What exactly is a network token?

What exactly is a network token? 

A network token is a secure method for processing card payments, designed to support businesses in delivering a frictionless payment experience by keeping customer payment data safe.

Payment network tokenization

Tokenization is a digital technique that organisations use to protect sensitive data. They do this by transforming sensitive data into non-sensitive data, which is called a ‘token’. The nature of this piece of data can vary wildly in terms of length and format.  

It is important to remember that a token has no value of its own. Without the original data, a token is meaningless. While the tokens are unrelated to the original data in terms of their values, there are ways to link the tokens to the original data; and that is what’s smart about tokenization. Tokenization enables the organisation using them to go about their day-to-day operations with a reduced risk of data leaks and breaches.

There are several different types of tokens used in the payment infrastructure. While each has the same outcome (swapping sensitive data for non-sensitive data), they also serve slightly different functions. Let’s take a look at some of those used within payments:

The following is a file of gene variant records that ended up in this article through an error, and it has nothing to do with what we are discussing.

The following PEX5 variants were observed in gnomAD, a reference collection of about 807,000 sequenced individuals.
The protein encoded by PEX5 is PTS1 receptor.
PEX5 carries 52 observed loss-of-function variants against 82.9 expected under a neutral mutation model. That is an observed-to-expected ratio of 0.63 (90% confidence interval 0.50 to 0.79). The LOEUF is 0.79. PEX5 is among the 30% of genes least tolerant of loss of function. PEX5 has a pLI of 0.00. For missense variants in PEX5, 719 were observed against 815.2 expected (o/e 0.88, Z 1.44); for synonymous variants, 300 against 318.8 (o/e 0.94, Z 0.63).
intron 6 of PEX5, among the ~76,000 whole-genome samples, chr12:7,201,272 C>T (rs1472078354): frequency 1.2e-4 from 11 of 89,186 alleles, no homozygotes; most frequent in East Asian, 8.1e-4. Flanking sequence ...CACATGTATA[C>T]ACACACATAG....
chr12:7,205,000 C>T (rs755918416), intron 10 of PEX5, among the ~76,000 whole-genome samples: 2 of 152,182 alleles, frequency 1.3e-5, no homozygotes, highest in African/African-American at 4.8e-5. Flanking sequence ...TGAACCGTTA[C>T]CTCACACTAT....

• Network tokens – Network tokens are generated by the card schemes. The role of network tokens is to secure payment transactions. By replacing sensitive cardholder data with a token containing meaningless information, the network tokens add an extra layer of security. We will go through network tokens in more detail shortly.
  • Acquirer tokens – Acquirer tokens are generated by the acquirers when they process cardholder transactions on behalf of merchants. Acting as an intermediary between merchants and payment networks, the acquirer tokens enable tokenized payment data to be sent securely, ensuring that transactions flow securely and without interruption, from the point of sale to the payment network for processing.  
  • Issuer tokens – Issuer tokens are generated by the bank or financial institution that issued the customer’s original credit or debit card. Their role is to authorise payment transactions. The tokenized data is linked with the actual account information to help authorise the payment transaction swiftly and seamlessly.